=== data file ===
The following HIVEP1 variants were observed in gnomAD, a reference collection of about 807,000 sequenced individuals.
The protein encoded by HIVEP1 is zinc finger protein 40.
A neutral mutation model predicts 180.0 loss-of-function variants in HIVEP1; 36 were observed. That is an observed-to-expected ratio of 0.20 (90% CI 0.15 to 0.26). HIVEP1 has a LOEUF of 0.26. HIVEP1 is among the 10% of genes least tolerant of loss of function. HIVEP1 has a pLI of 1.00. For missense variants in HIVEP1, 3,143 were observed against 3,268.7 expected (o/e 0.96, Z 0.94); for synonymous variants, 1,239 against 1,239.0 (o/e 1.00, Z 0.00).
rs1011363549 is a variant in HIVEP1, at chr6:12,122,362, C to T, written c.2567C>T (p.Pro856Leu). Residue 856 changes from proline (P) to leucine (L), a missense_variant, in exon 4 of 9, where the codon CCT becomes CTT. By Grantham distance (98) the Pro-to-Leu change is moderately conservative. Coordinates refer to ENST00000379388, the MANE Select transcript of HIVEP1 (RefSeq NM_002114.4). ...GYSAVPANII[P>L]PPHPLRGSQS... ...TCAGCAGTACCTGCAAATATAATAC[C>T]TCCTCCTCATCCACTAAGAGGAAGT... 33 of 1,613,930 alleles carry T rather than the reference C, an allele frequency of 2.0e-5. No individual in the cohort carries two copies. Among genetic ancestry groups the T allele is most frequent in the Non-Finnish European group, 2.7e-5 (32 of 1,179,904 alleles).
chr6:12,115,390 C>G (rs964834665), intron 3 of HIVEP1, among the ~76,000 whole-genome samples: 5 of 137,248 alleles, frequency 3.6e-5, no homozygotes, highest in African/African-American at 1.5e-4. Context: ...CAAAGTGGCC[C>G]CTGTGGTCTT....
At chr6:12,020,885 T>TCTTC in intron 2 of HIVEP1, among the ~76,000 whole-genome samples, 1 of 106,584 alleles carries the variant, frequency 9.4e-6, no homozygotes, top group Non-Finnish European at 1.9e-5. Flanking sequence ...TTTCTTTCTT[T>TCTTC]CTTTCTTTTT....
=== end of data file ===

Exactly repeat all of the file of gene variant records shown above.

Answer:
The following HIVEP1 variants were observed in gnomAD, a reference collection of about 807,000 sequenced individuals.
The protein encoded by HIVEP1 is zinc finger protein 40.
A neutral mutation model predicts 180.0 loss-of-function variants in HIVEP1; 36 were observed. That is an observed-to-expected ratio of 0.20 (90% CI 0.15 to 0.26). HIVEP1 has a LOEUF of 0.26. HIVEP1 is among the 10% of genes least tolerant of loss of function. HIVEP1 has a pLI of 1.00. For missense variants in HIVEP1, 3,143 were observed against 3,268.7 expected (o/e 0.96, Z 0.94); for synonymous variants, 1,239 against 1,239.0 (o/e 1.00, Z 0.00).
rs1011363549 is a variant in HIVEP1, at chr6:12,122,362, C to T, written c.2567C>T (p.Pro856Leu). Residue 856 changes from proline (P) to leucine (L), a missense_variant, in exon 4 of 9, where the codon CCT becomes CTT. By Grantham distance (98) the Pro-to-Leu change is moderately conservative. Coordinates refer to ENST00000379388, the MANE Select transcript of HIVEP1 (RefSeq NM_002114.4). ...GYSAVPANII[P>L]PPHPLRGSQS... ...TCAGCAGTACCTGCAAATATAATAC[C>T]TCCTCCTCATCCACTAAGAGGAAGT... 33 of 1,613,930 alleles carry T rather than the reference C, an allele frequency of 2.0e-5. No individual in the cohort carries two copies. Among genetic ancestry groups the T allele is most frequent in the Non-Finnish European group, 2.7e-5 (32 of 1,179,904 alleles).
chr6:12,115,390 C>G (rs964834665), intron 3 of HIVEP1, among the ~76,000 whole-genome samples: 5 of 137,248 alleles, frequency 3.6e-5, no homozygotes, highest in African/African-American at 1.5e-4. Context: ...CAAAGTGGCC[C>G]CTGTGGTCTT....
At chr6:12,020,885 T>TCTTC in intron 2 of HIVEP1, among the ~76,000 whole-genome samples, 1 of 106,584 alleles carries the variant, frequency 9.4e-6, no homozygotes, top group Non-Finnish European at 1.9e-5. Flanking sequence ...TTTCTTTCTT[T>TCTTC]CTTTCTTTTT....